Bitcoin and the Rise of Cryptocurrencies
Either out of curiosity or maybe even a little FOMO (Fear of Missing Out), many people are interested in learning more about cryptocurrencies.
Questions advisors often hear are, “What is bitcoin? How does it work, and how can I buy it?” Raymond James has put out a cryptocurrency white paper that explains the topic in detail. Still, it is a complex subject, and lengthy explanations can complicate it further. Today, I am giving you “crypto cliff notes” in plain language.
What is bitcoin? Bitcoin is a digital currency (the first cryptocurrency) that can be traded 24/7 across international borders with little oversight. Bitcoin can be held in a digital wallet on your computer (hot wallet), on a thumb drive or offline hardware (cold wallet,) or on an exchange, such as Coinbase.
To understand bitcoin, you must first understand blockchain technology. Blockchain is essentially a digital ledger of transactions. Transactions are validated by most users on that blockchain, versus validation by a central authority or clearinghouse. Once approved, bitcoin is placed on the digital ledger and can be validated, allowing cryptocurrency to have a market. Without blockchain, there is no bitcoin.
Example: You offer one bitcoin to me, and I agree to pay $40,000 for it. That transaction is approved by most people on the blockchain and is documented on a public ledger. I then pay you $40,000, and you give me one bitcoin. Most people will buy bitcoin through an exchange made up of only cryptocurrencies. Coinbase, a popular cryptocurrency exchange, is one of the oldest exchanges.
How do you invest in cryptocurrency? Currently, Raymond James does not offer an option to invest in cryptocurrency due to its high volatility and risks, including huge swings in value, cybercrime, the lack of custody and clearing standards used to trade securities, and early adopters’ high concentration of ownership. If you decide to go to an exchange, be prepared to open an account like a brokerage account. You will have to provide your driver’s license or passport and a form of payment to move money into the exchange. Be wary of transaction fees—there are no guardrails or protective oversight. You can also invest in ETFs or stocks like Coinbase (COIN). Still, Raymond James has limited the options to invest until they can fully understand the underlying investments and associated risks.
How do I spend cryptocurrency? Buying and selling of goods requires some stability in the currency used. Crypto is just too volatile to be transactional. If you were a landlord who accepted crypto for payment and it dropped 40% the next week, you would not be a landlord for long. Instead, think of crypto as a speculative investment that stores value vs. something to be used as currency.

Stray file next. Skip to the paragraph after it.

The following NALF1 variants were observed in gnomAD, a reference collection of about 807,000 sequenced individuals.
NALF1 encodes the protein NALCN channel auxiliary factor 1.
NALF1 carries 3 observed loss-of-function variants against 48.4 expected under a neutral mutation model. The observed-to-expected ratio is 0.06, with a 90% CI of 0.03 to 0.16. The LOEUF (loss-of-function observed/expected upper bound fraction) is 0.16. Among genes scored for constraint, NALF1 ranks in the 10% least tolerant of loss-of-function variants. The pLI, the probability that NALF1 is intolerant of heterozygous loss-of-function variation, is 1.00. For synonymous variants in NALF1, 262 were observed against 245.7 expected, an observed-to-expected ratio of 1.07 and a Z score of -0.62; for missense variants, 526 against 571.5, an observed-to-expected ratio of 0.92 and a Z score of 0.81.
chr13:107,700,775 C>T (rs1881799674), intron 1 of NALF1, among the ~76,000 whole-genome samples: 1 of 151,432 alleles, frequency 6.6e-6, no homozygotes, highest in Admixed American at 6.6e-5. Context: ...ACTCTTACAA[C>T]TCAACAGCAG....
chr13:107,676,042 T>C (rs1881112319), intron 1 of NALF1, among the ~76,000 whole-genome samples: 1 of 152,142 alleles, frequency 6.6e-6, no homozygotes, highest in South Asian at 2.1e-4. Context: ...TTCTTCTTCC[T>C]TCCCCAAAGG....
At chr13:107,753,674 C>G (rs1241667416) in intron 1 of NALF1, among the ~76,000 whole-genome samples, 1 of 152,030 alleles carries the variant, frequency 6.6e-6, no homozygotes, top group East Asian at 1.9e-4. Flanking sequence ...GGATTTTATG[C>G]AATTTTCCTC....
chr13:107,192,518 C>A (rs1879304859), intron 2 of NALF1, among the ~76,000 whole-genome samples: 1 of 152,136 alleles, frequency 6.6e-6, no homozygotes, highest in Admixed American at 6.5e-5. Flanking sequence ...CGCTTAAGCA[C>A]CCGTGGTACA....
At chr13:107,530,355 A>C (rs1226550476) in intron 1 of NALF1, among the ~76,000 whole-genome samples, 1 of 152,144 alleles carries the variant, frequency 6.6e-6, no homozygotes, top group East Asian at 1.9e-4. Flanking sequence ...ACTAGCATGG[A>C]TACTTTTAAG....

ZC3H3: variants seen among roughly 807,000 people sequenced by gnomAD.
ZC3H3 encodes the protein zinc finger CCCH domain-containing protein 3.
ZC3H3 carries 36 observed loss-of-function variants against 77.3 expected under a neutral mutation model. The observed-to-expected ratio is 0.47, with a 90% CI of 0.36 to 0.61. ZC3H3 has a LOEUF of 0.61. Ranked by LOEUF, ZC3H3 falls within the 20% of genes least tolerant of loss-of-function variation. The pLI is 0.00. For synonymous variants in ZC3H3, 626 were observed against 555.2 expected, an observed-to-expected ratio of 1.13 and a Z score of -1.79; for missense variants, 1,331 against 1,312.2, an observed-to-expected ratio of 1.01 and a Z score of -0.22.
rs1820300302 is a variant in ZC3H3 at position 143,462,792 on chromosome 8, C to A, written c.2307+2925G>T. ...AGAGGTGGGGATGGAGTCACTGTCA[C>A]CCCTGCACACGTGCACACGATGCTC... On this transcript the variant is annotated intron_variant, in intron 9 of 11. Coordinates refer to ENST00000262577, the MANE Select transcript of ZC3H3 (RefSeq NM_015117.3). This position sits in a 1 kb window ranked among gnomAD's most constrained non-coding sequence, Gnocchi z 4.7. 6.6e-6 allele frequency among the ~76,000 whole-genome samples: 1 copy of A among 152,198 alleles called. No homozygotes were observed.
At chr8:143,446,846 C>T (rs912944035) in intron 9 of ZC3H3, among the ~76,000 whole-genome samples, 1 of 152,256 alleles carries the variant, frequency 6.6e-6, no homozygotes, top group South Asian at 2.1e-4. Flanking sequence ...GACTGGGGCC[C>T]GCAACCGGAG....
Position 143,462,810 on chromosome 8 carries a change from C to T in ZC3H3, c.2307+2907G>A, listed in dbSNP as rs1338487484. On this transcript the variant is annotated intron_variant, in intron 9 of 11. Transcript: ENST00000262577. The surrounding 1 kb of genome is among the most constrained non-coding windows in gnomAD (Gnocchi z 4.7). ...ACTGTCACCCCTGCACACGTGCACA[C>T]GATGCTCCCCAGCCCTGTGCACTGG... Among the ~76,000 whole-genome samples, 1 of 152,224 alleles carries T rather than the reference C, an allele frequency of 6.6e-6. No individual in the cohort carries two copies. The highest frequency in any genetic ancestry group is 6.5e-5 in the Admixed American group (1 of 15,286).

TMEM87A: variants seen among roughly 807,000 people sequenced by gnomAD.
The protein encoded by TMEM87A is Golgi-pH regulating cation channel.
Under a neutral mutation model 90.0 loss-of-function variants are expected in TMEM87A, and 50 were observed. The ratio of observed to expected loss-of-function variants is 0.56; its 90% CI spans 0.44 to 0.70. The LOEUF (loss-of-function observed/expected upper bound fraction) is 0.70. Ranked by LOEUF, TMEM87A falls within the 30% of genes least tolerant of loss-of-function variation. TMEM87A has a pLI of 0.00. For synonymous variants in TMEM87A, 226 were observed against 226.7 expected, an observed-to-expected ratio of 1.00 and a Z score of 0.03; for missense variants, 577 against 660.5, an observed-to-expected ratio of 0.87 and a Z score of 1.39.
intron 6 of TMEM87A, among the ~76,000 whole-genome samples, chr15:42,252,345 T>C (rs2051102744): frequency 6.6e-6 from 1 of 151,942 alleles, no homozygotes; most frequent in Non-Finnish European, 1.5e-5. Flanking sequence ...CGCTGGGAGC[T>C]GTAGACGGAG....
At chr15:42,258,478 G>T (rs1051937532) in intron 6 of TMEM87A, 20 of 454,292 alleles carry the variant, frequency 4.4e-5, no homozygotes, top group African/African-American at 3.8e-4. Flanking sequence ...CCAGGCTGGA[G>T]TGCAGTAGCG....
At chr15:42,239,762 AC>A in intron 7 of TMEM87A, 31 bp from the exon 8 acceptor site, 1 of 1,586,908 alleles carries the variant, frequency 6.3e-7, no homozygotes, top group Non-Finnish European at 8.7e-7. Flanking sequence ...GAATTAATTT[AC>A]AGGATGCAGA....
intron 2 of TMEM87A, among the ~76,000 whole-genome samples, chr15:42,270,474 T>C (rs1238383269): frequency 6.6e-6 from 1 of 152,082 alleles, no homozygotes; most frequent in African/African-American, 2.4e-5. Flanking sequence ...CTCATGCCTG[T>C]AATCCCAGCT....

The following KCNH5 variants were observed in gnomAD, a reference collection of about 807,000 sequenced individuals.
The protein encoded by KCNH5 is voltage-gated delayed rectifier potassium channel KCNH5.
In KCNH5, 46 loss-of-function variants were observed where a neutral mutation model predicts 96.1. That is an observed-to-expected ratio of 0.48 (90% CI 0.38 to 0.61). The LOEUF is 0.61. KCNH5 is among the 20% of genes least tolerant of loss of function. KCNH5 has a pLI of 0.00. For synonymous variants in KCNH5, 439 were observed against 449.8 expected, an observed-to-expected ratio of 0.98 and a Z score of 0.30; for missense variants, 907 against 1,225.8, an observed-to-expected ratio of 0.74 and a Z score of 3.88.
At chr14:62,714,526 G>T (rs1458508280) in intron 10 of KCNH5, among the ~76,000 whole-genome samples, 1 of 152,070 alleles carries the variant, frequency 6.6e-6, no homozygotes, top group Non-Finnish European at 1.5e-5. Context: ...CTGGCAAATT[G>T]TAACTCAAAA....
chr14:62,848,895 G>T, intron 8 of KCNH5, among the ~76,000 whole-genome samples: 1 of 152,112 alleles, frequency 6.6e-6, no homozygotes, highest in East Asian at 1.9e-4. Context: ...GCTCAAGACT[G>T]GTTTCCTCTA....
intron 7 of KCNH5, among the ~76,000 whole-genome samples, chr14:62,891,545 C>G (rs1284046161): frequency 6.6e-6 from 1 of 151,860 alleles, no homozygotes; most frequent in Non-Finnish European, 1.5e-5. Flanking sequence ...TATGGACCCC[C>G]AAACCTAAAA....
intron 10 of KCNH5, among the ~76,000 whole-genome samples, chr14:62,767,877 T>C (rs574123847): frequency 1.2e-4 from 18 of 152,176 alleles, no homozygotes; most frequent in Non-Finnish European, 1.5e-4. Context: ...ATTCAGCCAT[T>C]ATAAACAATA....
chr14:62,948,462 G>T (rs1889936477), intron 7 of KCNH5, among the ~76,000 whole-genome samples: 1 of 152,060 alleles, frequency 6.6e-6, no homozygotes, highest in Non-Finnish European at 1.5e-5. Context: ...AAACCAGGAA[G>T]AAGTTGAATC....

Why have people invested in something so volatile and speculative? Bitcoin has some aspects to it that are intriguing. There is a finite number of bitcoin. Because the ability to create new bitcoin decreases over time, one might assume that supply is falling because people lose their passwords or pass away with inaccessible bitcoin passwords that can never be recovered. Pair that finite supply with the fact that every day, someone is turning 21 and chomping at the bit to buy bitcoin and cryptocurrency. At some point, the rules of supply and demand impact the market.
In conclusion, digital currencies are fascinating to investigate and learn about, but until the regulatory and political risks of investing in such a volatile and high-risk asset are understood, we are taking a very cautious approach to this type of investment.
Any opinions are those of Joel Berg, Vice President, Carter Financial Management, and not necessarily those of Raymond James. Expressions of opinion are as of this date and are subject to change without notice. The information contained in this report does not purport to be a complete description of the travel insurance industry referred to in this material. It has been obtained from sources considered to be reliable, but we do not guarantee that the foregoing material is accurate or complete. Any information is not a complete summary or statement of all available data necessary and does not constitute a recommendation.
Becky has been a CFP® professional for over 30 years and has focused her career on helping companies build successful, customer-focused businesses. She has special expertise in financial planning, insurance and mortgage strategies for the retirement marketplace.